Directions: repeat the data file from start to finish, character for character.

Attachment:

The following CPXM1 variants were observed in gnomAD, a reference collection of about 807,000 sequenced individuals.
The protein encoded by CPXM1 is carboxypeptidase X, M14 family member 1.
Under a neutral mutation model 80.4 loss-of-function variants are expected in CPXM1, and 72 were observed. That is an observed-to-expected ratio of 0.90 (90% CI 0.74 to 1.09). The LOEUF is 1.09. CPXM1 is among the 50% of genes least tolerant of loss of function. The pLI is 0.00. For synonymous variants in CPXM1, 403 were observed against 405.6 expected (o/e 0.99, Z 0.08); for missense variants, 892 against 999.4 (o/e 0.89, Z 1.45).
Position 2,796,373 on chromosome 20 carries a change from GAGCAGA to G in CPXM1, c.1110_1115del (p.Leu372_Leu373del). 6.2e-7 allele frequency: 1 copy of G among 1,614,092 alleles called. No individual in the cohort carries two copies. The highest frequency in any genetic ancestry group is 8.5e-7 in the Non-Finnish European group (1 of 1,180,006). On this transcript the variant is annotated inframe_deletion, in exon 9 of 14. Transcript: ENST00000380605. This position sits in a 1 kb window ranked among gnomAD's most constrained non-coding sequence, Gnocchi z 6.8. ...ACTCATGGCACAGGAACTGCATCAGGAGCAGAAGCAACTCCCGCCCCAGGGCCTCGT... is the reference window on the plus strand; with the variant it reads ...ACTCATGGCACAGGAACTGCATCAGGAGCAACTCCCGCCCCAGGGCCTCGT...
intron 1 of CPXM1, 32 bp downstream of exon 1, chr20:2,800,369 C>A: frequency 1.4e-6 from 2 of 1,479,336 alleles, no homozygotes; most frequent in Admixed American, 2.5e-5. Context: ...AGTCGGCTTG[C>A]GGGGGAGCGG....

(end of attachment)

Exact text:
The following CPXM1 variants were observed in gnomAD, a reference collection of about 807,000 sequenced individuals.
The protein encoded by CPXM1 is carboxypeptidase X, M14 family member 1.
Under a neutral mutation model 80.4 loss-of-function variants are expected in CPXM1, and 72 were observed. That is an observed-to-expected ratio of 0.90 (90% CI 0.74 to 1.09). The LOEUF is 1.09. CPXM1 is among the 50% of genes least tolerant of loss of function. The pLI is 0.00. For synonymous variants in CPXM1, 403 were observed against 405.6 expected (o/e 0.99, Z 0.08); for missense variants, 892 against 999.4 (o/e 0.89, Z 1.45).
Position 2,796,373 on chromosome 20 carries a change from GAGCAGA to G in CPXM1, c.1110_1115del (p.Leu372_Leu373del). 6.2e-7 allele frequency: 1 copy of G among 1,614,092 alleles called. No individual in the cohort carries two copies. The highest frequency in any genetic ancestry group is 8.5e-7 in the Non-Finnish European group (1 of 1,180,006). On this transcript the variant is annotated inframe_deletion, in exon 9 of 14. Transcript: ENST00000380605. This position sits in a 1 kb window ranked among gnomAD's most constrained non-coding sequence, Gnocchi z 6.8. ...ACTCATGGCACAGGAACTGCATCAGGAGCAGAAGCAACTCCCGCCCCAGGGCCTCGT... is the reference window on the plus strand; with the variant it reads ...ACTCATGGCACAGGAACTGCATCAGGAGCAACTCCCGCCCCAGGGCCTCGT...
intron 1 of CPXM1, 32 bp downstream of exon 1, chr20:2,800,369 C>A: frequency 1.4e-6 from 2 of 1,479,336 alleles, no homozygotes; most frequent in Admixed American, 2.5e-5. Context: ...AGTCGGCTTG[C>A]GGGGGAGCGG....